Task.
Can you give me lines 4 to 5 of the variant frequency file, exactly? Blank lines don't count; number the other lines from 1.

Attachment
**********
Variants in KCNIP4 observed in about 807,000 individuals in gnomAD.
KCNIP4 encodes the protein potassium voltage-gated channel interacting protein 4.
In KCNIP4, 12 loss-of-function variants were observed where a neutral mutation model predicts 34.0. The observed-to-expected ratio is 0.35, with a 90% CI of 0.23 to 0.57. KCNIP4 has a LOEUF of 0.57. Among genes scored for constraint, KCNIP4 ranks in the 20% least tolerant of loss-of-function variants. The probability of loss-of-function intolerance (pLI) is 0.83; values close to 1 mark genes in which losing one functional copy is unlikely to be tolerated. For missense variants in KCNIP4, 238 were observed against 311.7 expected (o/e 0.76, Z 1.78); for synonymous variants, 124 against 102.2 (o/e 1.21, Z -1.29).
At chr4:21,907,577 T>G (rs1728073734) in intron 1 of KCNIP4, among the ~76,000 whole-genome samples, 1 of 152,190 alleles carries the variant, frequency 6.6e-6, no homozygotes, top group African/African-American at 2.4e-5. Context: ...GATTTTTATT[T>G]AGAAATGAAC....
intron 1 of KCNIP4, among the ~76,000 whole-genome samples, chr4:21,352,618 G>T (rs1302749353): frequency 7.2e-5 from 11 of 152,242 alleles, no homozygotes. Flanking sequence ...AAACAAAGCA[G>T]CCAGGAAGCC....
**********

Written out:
At chr4:21,907,577 T>G (rs1728073734) in intron 1 of KCNIP4, among the ~76,000 whole-genome samples, 1 of 152,190 alleles carries the variant, frequency 6.6e-6, no homozygotes, top group African/African-American at 2.4e-5. Context: ...GATTTTTATT[T>G]AGAAATGAAC....
intron 1 of KCNIP4, among the ~76,000 whole-genome samples, chr4:21,352,618 G>T (rs1302749353): frequency 7.2e-5 from 11 of 152,242 alleles, no homozygotes. Flanking sequence ...AAACAAAGCA[G>T]CCAGGAAGCC....